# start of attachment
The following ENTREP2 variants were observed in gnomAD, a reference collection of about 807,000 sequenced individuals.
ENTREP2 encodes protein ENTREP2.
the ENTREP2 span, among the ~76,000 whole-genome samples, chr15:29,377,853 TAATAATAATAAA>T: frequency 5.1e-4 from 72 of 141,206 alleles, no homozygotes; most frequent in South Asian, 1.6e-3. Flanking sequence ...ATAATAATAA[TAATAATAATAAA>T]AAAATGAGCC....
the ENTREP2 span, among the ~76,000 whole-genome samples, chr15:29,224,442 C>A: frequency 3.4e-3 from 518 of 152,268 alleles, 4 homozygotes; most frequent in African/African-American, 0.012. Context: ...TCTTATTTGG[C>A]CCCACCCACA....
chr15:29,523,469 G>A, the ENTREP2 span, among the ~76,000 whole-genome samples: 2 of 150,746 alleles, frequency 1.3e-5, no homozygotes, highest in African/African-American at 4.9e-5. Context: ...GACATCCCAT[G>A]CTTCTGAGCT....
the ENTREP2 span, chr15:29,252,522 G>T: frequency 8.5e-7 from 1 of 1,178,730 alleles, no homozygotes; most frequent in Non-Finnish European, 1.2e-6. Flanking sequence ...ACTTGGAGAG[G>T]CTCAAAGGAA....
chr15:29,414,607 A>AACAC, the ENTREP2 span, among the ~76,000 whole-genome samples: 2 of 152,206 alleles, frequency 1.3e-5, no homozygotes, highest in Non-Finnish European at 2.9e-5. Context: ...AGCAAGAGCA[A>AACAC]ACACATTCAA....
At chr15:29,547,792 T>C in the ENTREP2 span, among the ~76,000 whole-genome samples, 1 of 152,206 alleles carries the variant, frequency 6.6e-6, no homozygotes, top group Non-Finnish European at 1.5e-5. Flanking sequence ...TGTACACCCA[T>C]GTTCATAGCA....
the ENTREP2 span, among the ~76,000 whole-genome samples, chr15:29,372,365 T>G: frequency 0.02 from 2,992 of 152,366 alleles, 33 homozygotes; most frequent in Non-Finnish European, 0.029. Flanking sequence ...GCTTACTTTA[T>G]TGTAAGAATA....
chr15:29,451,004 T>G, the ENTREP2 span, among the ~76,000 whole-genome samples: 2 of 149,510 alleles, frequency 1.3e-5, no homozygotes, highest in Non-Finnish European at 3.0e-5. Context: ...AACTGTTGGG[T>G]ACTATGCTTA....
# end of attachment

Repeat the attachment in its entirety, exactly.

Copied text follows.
The following ENTREP2 variants were observed in gnomAD, a reference collection of about 807,000 sequenced individuals.
ENTREP2 encodes protein ENTREP2.
the ENTREP2 span, among the ~76,000 whole-genome samples, chr15:29,377,853 TAATAATAATAAA>T: frequency 5.1e-4 from 72 of 141,206 alleles, no homozygotes; most frequent in South Asian, 1.6e-3. Flanking sequence ...ATAATAATAA[TAATAATAATAAA>T]AAAATGAGCC....
the ENTREP2 span, among the ~76,000 whole-genome samples, chr15:29,224,442 C>A: frequency 3.4e-3 from 518 of 152,268 alleles, 4 homozygotes; most frequent in African/African-American, 0.012. Context: ...TCTTATTTGG[C>A]CCCACCCACA....
chr15:29,523,469 G>A, the ENTREP2 span, among the ~76,000 whole-genome samples: 2 of 150,746 alleles, frequency 1.3e-5, no homozygotes, highest in African/African-American at 4.9e-5. Context: ...GACATCCCAT[G>A]CTTCTGAGCT....
the ENTREP2 span, chr15:29,252,522 G>T: frequency 8.5e-7 from 1 of 1,178,730 alleles, no homozygotes; most frequent in Non-Finnish European, 1.2e-6. Flanking sequence ...ACTTGGAGAG[G>T]CTCAAAGGAA....
chr15:29,414,607 A>AACAC, the ENTREP2 span, among the ~76,000 whole-genome samples: 2 of 152,206 alleles, frequency 1.3e-5, no homozygotes, highest in Non-Finnish European at 2.9e-5. Context: ...AGCAAGAGCA[A>AACAC]ACACATTCAA....
At chr15:29,547,792 T>C in the ENTREP2 span, among the ~76,000 whole-genome samples, 1 of 152,206 alleles carries the variant, frequency 6.6e-6, no homozygotes, top group Non-Finnish European at 1.5e-5. Flanking sequence ...TGTACACCCA[T>C]GTTCATAGCA....
the ENTREP2 span, among the ~76,000 whole-genome samples, chr15:29,372,365 T>G: frequency 0.02 from 2,992 of 152,366 alleles, 33 homozygotes; most frequent in Non-Finnish European, 0.029. Flanking sequence ...GCTTACTTTA[T>G]TGTAAGAATA....
chr15:29,451,004 T>G, the ENTREP2 span, among the ~76,000 whole-genome samples: 2 of 149,510 alleles, frequency 1.3e-5, no homozygotes, highest in Non-Finnish European at 3.0e-5. Context: ...AACTGTTGGG[T>G]ACTATGCTTA....